With the government seeming off balance, it is possible that the spark for revolt could yet emerge. Algeria is not inoculated against mass protest. In January 2011, inspired by young Tunisians, Algerians poured into the streets to demand political change, but they were heavily outnumbered by security forces. President Abdelaziz Bouteflika raced to defuse the crisis, announcing more direct elections, ending the 20-year state of emergency and committing millions of dollars to addressing the grievances of young Algerians. He offered long-term loans at 1% interest, up to tens of thousands of dollars, effectively giving money away in a program that remains in effect. He promised to build 2.4 million new houses, addressing one of the loudest complaints among young Algerians, who say they are forced to delay marriage since they cannot move out of their parents’ overcrowded apartments.
Two years on, those houses have been slow in coming. State-run television stations trumpet blueprints of new projects, but delivery dates remain vague. When the government recently announced that unemployment rates had plummeted from 20% in 2000 to 11% in 2010, Algerians dismissed the news as not credible. And a steady brain drain among bright, ambitious young Algerians suggests that Algeria’s calm isn’t necessarily because people are satisfied.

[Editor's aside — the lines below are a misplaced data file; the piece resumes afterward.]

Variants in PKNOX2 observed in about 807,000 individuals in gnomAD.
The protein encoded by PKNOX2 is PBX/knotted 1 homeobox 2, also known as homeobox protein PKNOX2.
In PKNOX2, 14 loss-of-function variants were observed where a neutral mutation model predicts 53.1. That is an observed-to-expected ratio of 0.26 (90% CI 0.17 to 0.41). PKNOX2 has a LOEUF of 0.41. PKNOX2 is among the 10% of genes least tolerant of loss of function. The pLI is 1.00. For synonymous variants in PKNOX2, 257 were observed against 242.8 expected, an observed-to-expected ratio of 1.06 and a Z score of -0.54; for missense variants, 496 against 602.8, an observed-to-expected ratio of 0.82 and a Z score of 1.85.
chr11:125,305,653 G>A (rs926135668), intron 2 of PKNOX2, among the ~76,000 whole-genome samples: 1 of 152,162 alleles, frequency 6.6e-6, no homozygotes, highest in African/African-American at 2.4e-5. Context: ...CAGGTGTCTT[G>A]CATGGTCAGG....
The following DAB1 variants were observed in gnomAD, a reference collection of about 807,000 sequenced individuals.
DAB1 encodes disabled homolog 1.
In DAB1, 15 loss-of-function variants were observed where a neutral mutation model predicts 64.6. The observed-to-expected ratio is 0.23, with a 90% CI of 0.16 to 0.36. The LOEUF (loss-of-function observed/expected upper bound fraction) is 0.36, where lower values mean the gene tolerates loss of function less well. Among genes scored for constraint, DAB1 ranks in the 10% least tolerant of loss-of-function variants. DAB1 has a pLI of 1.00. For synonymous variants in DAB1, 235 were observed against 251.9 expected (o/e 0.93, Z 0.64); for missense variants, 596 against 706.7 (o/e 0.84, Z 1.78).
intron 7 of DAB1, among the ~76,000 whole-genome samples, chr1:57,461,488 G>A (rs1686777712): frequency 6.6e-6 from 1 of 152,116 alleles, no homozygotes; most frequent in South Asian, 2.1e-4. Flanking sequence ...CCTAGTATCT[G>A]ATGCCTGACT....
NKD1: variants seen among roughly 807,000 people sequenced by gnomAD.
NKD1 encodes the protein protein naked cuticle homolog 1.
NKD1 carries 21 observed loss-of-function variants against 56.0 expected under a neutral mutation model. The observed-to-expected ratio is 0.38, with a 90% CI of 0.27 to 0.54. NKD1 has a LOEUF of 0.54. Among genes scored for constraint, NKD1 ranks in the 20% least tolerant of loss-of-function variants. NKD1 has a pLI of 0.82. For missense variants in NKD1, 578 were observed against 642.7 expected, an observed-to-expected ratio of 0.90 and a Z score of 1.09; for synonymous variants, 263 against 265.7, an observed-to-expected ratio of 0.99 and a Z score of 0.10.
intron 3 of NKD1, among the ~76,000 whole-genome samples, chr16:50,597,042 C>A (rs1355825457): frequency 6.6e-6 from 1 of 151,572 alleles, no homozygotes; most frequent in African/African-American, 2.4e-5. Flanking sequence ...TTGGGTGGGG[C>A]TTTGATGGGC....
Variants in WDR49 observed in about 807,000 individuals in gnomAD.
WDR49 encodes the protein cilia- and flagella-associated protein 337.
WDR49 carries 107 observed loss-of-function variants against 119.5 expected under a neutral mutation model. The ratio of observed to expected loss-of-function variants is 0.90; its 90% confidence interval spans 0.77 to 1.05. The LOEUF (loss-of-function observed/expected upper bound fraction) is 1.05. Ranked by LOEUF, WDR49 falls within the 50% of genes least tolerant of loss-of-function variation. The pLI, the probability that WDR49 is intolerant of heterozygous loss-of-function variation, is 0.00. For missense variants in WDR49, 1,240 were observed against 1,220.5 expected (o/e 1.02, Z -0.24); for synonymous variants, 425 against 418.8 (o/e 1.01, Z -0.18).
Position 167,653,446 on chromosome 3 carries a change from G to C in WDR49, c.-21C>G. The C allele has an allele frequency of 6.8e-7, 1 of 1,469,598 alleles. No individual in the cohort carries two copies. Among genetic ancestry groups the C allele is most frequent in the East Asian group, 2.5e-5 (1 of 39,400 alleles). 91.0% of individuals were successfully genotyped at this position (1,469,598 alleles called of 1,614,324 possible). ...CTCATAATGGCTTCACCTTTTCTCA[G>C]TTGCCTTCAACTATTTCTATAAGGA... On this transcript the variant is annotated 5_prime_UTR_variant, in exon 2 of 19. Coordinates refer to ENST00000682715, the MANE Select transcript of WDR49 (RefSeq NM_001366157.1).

For the West, an upheaval in Algeria — whether driven by terrorism, popular discontent or a combination of the two — could be disastrous. Algeria is many times bigger than tiny Tunisia, or even than Libya or Egypt. With 12.2 billion barrels in oil reserves and 159 trillion cu. ft. of natural gas, it is a key OPEC member. Its biggest trading partner is the U.S., with more than $15.25 billion in trade last year, followed by Italy and Spain, which lie a spitting distance from Algeria’s Mediterranean shore. And unlike Mali, Algeria has long-term, multibillion-dollar partnerships with Western enterprises, including the U.S. oil company Anadarko, Italy’s Eni, France’s Total, and many others.